These weaknesses pushed the security industry to adopt a new protocol. OSDP, an access control communications standard, was developed by Mercury Security and HID Global in 2008 and donated, free of intellectual property, to the Security Industry Association (SIA) to improve interoperability among access control and security products.
Why implement OSDP as a standard?
OSDP is the only protocol that is secure and open for communication between readers and controllers and is also being widely adopted by industry-leading reader and controller manufacturers. It is an evolving, ‘living standard,’ making it a safer, more robust, future-proof option for governing physical access control systems. OSDP offers important benefits:
Implementing OSDP standards can increase security, as OSDP with Secure Channel Protocol (SCP) supports AES-128 encryption that is required in US federal government applications. Additionally, OSDP constantly monitors wiring to protect against tampering, removing the guesswork since the encryption and authentication are predefined.
Early on, communication protocols such as Wiegand were unidirectional, with external card readers sending information one way to a centralised access control platform. OSDP has transformed the ability for information to be collected, shared and acted upon with the addition of bidirectional communication for configuration, status monitoring, tampering and malfunction detection and other valuable functions.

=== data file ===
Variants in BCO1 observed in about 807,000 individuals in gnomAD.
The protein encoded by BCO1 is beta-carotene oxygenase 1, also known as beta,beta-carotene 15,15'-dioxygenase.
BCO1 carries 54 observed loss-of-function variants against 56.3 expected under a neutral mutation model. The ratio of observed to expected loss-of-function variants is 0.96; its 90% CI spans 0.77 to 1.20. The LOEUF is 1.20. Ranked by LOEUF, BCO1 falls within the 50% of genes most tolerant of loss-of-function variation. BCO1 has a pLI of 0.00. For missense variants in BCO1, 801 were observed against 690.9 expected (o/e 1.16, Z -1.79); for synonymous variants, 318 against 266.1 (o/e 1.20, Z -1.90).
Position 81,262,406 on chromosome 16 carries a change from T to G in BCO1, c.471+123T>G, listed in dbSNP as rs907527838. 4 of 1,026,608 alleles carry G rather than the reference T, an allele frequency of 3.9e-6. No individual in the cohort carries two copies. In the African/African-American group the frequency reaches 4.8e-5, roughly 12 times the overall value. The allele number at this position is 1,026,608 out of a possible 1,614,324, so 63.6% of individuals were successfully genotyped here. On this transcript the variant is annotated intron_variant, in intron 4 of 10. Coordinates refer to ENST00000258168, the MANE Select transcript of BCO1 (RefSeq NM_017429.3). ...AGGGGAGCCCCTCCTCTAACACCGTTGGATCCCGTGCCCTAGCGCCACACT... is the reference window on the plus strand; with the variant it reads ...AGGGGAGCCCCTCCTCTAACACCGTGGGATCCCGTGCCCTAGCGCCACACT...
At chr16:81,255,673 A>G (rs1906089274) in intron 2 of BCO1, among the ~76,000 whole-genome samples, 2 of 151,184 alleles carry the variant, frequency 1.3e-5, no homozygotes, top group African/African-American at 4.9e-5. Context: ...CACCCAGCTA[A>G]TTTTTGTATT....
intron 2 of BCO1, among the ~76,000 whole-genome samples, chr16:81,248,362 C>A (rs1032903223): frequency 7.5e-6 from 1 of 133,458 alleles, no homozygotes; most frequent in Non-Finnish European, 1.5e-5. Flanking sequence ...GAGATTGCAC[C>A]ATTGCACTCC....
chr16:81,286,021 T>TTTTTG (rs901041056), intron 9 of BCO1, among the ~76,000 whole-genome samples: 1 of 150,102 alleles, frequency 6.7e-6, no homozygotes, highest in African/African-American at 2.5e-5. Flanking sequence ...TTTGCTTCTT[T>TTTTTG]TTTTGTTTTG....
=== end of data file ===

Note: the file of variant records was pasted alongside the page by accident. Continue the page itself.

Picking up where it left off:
Open and interoperable
OSDP supports IP communications and point-to-point serial interfaces, enabling customers to flexibly enhance system functionality as needs change and new threats emerge. They also can proactively add new technology that enhances their ability to protect incoming and outgoing data collection through a physical access control system.
Reduced installation costs
OSDP’s use of two wires (as compared to a potential of 11 wires with Wiegand) allows for multi-drop installation, supervised connections to indicate reader malfunctions and scalability to connect more field devices. Daisy-chaining accommodates many readers connected to a single controller, eliminating the need to run home-run wiring for each reader and the use of a four-conductor cable achieves up to 10x longer distances between reader and controller than Wiegand while also powering the reader and sending/receiving data.